“The people who were taken away were the older folks like my parents, anyone who was sick or weak and all the pregnant women. But at that point, we did not know what became of them. But we would find out the truth soon enough. Once I understood what happened to new arrivals, I realized my parents had been murdered within hours of the last time I saw them.
“After I was separated into the group that survived, one of the first things that happened was this.” Slowly Jake unbuttoned the cuff of his sleeve and rolled it up revealing the tattoo on the outer side of his left forearm. “We assumed they did it to us so the SS could identify our body when we died.
“I hid my tattoo while living here, not because I was ashamed, but because people look at you differently once they know. In this final stage of my life, I just wanted to be accepted as an average person. I wanted to be like all of you – but I’m not. I cannot escape the past. I guess it’s who I am.”
Jake took a moment and rolled the sleeve back down.
“I was assigned to a brick barrack with 700 other men. The living conditions were unimaginable. People quickly became ill and began to starve. The cold was life-threatening, and we had no blankets. We huddled together to try to stay warm, but it was useless. Some of the men didn’t even have shoes. They did not survive for long.
“During the first few months I was at Auschwitz, I was used as a common laborer. The backbreaking work was exhausting. When you couple that with hunger, lack of sleep and exposure to the elements, it is a deadly combination. We were deprived in every way possible. Each day men would collapse and could not get up. The SS would drag them away, and once they were out of sight we would hear the gunshot.
“It didn’t take long until I was losing weight dramatically and my strength was fading. But at least I was young and still relatively healthy. That is why I was chosen to perform the most wretched task in the camp.
“Each morning we had to line up for roll call. Roll call could last for several hours. It didn’t matter if it was raining or snowing or whatever. You had to stand perfectly still without moving a muscle. If you even flinched you would be beaten or killed. If you had to urinate or defecate you did it where you stood.
“The roll call was not only to get an accurate headcount; it was also used to humiliate us and break us as human beings. And it often did. Many people lost their composure or became so frightened they couldn’t control their movements, and they paid a horrible price.
“One morning, after the roll call was completed, I was shocked to hear my name shouted out. I remember it was beginning to rain very hard when the SS officer demanded that I step forward. I did as he said because I had seen others killed for less. He came over to me and looked me up and down. He was sizing me up for the job they were giving me. Satisfied that I could physically do the work, he told me that I was being reassigned. I was confused and scared.”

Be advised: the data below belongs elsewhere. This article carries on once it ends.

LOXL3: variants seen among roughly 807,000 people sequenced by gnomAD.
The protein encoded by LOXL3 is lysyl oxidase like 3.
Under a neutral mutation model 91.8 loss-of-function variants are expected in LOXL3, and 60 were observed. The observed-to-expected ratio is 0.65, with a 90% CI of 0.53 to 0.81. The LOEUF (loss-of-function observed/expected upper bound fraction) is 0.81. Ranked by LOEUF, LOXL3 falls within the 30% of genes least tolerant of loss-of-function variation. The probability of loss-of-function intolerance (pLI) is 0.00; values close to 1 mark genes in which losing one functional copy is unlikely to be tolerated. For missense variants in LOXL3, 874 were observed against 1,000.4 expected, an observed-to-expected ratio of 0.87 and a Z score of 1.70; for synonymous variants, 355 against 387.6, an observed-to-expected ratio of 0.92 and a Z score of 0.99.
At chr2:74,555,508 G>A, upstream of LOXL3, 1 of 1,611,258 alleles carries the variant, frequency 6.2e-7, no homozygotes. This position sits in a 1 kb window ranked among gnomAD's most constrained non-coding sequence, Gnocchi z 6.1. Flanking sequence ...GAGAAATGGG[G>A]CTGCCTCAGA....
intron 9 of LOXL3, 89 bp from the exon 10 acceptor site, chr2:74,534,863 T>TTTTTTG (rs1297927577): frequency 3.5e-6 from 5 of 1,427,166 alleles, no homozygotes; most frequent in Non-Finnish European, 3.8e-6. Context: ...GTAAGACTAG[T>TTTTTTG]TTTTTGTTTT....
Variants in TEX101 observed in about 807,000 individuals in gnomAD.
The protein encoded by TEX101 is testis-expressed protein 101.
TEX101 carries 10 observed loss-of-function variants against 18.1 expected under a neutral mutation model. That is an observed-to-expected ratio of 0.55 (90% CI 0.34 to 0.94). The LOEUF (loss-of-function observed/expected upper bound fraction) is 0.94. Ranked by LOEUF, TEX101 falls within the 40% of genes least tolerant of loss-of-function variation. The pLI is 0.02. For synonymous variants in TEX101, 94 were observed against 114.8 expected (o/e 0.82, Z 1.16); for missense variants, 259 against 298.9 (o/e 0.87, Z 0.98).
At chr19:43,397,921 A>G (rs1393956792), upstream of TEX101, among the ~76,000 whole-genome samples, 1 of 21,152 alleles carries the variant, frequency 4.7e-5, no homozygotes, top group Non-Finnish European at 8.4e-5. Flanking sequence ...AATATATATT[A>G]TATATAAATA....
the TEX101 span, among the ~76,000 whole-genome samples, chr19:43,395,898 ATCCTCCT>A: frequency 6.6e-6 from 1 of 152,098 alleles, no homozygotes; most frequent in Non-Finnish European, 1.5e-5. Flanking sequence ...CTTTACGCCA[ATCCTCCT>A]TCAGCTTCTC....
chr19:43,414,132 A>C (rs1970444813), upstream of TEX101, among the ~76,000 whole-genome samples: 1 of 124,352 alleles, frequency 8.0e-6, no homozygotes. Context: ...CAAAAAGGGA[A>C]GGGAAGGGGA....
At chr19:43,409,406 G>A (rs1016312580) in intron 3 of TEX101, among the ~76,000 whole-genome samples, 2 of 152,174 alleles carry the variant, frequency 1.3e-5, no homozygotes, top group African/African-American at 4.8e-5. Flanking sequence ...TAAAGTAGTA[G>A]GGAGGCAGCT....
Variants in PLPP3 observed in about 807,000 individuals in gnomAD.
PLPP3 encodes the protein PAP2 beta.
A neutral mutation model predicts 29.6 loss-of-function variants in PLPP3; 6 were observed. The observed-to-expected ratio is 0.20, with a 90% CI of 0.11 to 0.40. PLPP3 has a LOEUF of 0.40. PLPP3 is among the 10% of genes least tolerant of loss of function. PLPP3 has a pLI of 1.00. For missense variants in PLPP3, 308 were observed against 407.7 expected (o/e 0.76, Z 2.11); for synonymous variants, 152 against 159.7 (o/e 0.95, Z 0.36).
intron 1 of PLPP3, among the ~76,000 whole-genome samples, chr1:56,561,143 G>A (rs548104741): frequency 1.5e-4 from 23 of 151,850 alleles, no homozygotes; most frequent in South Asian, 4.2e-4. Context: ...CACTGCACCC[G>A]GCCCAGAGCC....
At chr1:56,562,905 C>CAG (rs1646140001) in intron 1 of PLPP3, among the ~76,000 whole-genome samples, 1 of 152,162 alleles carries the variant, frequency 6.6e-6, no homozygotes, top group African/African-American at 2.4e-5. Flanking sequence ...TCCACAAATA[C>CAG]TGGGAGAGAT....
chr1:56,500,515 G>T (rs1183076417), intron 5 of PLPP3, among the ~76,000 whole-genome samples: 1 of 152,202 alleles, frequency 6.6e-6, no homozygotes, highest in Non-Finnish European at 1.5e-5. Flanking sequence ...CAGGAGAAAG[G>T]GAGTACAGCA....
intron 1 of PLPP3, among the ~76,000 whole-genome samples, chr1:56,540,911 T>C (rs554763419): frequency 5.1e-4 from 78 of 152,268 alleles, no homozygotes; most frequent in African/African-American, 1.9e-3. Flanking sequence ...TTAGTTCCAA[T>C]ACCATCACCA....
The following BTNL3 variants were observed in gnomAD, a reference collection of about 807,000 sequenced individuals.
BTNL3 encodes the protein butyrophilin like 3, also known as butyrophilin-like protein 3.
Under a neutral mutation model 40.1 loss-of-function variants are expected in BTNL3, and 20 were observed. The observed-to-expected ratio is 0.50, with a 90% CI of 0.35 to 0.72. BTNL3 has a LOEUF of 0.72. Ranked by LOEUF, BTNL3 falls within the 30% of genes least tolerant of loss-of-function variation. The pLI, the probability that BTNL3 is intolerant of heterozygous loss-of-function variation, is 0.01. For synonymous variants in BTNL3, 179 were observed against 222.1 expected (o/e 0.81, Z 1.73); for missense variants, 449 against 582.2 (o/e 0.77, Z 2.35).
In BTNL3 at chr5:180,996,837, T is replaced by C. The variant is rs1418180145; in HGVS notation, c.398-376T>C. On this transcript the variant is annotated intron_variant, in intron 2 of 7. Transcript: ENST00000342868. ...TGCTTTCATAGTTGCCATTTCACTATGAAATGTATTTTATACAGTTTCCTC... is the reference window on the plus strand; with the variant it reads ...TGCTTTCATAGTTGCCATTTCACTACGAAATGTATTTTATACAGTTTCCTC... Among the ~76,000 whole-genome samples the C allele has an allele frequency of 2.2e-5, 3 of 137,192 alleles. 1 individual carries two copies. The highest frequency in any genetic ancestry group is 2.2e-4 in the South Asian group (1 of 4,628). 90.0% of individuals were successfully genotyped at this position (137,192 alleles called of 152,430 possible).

Jake paused to collect himself before he continued. At that point, he noticed there was not a sound in the room. Each person was hanging onto every word he said.
He turned to the young man next to him. “Carson, have you ever heard of Anne Frank?”
Jake looked at the others. “I’m sure most of you know about that young lady. For part of the time she was imprisoned, she was at Auschwitz. Of course, no one knew her. She was just another little girl like so many others. Towards the end, she was moved to a different camp where she died from illness. Most people don’t know that her father survived Auschwitz and lived until 1980. But Anne Frank tragically perished just weeks before the camp was liberated.”
Jake turned to Carson. “You have lived longer than she did. She was only fifteen years old when she died.”
He watched as Carson tried to hide the emotion he was feeling.
“The point is, many of us were young – and yet we were asked to do the unthinkable.
“Has anyone here ever heard the word Sonderkommando?”
No one answered.
“The Germans picked a group of prisoners who they thought were physically strong enough to perform a task that was beyond human comprehension. Their job was to remove the corpses from the gas chambers and take them, by any means possible, to the crematoriums so they could be placed in the ovens.”
Several people reacted with disbelief at what they were hearing. Even the woman who had been unresponsive appeared to be focused on Jake’s words.
“That morning, at roll call, the SS officer told me I was being reassigned to the Sonderkommando. I stared at him without moving. I was prepared to die at that moment rather than help the Nazi’s in their genocide. But the SS was not only cruel, they were also clever. The officer stared back at me for a moment, and I waited for him to draw his weapon. But he raised his arm instead and made a circular motion. A few seconds later a German vehicle called a Kubelwagen appeared from around the corner and pulled to a stop alongside him. He made another hand motion, and a woman was shoved out of the vehicle. She fell to the soggy ground crying. I could not believe my eyes. It was my sister Isadore.
“I started to take a step towards her, and two SS troops immediately blocked my path. The officer said, ‘Don’t hurt him. We need him strong and healthy.’ It was at that point that he pulled out his sidearm. But he did not point the gun at me. He aimed at my sister. ‘This one, on the other hand, has no practical value to the Reich if her brother will not accept his placement in the most important unit in the camp.’